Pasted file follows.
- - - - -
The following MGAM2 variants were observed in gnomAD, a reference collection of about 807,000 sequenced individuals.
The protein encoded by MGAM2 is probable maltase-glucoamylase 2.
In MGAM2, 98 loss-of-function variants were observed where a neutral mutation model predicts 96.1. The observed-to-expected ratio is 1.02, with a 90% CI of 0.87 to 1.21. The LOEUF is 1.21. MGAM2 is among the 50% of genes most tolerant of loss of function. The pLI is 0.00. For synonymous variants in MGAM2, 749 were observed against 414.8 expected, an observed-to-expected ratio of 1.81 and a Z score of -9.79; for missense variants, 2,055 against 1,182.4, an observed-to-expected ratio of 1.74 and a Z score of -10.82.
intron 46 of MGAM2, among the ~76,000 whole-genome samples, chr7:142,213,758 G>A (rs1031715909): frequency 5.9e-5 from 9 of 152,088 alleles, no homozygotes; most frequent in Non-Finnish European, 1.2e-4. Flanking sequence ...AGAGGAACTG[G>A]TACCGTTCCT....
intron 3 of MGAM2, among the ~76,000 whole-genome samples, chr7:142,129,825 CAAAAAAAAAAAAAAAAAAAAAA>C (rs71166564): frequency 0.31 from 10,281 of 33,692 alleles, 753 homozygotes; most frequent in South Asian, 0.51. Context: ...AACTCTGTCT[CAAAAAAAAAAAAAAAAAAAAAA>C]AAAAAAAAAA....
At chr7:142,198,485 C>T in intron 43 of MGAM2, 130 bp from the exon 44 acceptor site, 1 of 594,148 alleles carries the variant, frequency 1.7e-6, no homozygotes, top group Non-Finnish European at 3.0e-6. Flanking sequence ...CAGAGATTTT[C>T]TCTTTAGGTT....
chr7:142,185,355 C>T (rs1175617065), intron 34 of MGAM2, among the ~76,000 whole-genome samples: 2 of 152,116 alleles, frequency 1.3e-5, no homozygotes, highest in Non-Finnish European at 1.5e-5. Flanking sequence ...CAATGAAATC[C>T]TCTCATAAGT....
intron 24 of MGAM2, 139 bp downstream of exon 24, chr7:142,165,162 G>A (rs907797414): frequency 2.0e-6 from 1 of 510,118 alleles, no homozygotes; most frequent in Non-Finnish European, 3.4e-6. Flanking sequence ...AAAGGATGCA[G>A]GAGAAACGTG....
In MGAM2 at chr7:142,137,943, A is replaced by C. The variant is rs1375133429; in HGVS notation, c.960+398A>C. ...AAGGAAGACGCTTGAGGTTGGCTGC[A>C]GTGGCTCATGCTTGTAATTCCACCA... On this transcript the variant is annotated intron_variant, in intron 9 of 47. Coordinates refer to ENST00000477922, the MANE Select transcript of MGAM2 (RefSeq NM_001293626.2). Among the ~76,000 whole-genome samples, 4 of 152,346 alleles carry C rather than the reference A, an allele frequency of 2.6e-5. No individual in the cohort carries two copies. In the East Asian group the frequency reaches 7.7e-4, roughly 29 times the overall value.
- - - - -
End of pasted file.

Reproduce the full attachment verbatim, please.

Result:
The following MGAM2 variants were observed in gnomAD, a reference collection of about 807,000 sequenced individuals.
The protein encoded by MGAM2 is probable maltase-glucoamylase 2.
In MGAM2, 98 loss-of-function variants were observed where a neutral mutation model predicts 96.1. The observed-to-expected ratio is 1.02, with a 90% CI of 0.87 to 1.21. The LOEUF is 1.21. MGAM2 is among the 50% of genes most tolerant of loss of function. The pLI is 0.00. For synonymous variants in MGAM2, 749 were observed against 414.8 expected, an observed-to-expected ratio of 1.81 and a Z score of -9.79; for missense variants, 2,055 against 1,182.4, an observed-to-expected ratio of 1.74 and a Z score of -10.82.
intron 46 of MGAM2, among the ~76,000 whole-genome samples, chr7:142,213,758 G>A (rs1031715909): frequency 5.9e-5 from 9 of 152,088 alleles, no homozygotes; most frequent in Non-Finnish European, 1.2e-4. Flanking sequence ...AGAGGAACTG[G>A]TACCGTTCCT....
intron 3 of MGAM2, among the ~76,000 whole-genome samples, chr7:142,129,825 CAAAAAAAAAAAAAAAAAAAAAA>C (rs71166564): frequency 0.31 from 10,281 of 33,692 alleles, 753 homozygotes; most frequent in South Asian, 0.51. Context: ...AACTCTGTCT[CAAAAAAAAAAAAAAAAAAAAAA>C]AAAAAAAAAA....
At chr7:142,198,485 C>T in intron 43 of MGAM2, 130 bp from the exon 44 acceptor site, 1 of 594,148 alleles carries the variant, frequency 1.7e-6, no homozygotes, top group Non-Finnish European at 3.0e-6. Flanking sequence ...CAGAGATTTT[C>T]TCTTTAGGTT....
chr7:142,185,355 C>T (rs1175617065), intron 34 of MGAM2, among the ~76,000 whole-genome samples: 2 of 152,116 alleles, frequency 1.3e-5, no homozygotes, highest in Non-Finnish European at 1.5e-5. Flanking sequence ...CAATGAAATC[C>T]TCTCATAAGT....
intron 24 of MGAM2, 139 bp downstream of exon 24, chr7:142,165,162 G>A (rs907797414): frequency 2.0e-6 from 1 of 510,118 alleles, no homozygotes; most frequent in Non-Finnish European, 3.4e-6. Flanking sequence ...AAAGGATGCA[G>A]GAGAAACGTG....
In MGAM2 at chr7:142,137,943, A is replaced by C. The variant is rs1375133429; in HGVS notation, c.960+398A>C. ...AAGGAAGACGCTTGAGGTTGGCTGC[A>C]GTGGCTCATGCTTGTAATTCCACCA... On this transcript the variant is annotated intron_variant, in intron 9 of 47. Coordinates refer to ENST00000477922, the MANE Select transcript of MGAM2 (RefSeq NM_001293626.2). Among the ~76,000 whole-genome samples, 4 of 152,346 alleles carry C rather than the reference A, an allele frequency of 2.6e-5. No individual in the cohort carries two copies. In the East Asian group the frequency reaches 7.7e-4, roughly 29 times the overall value.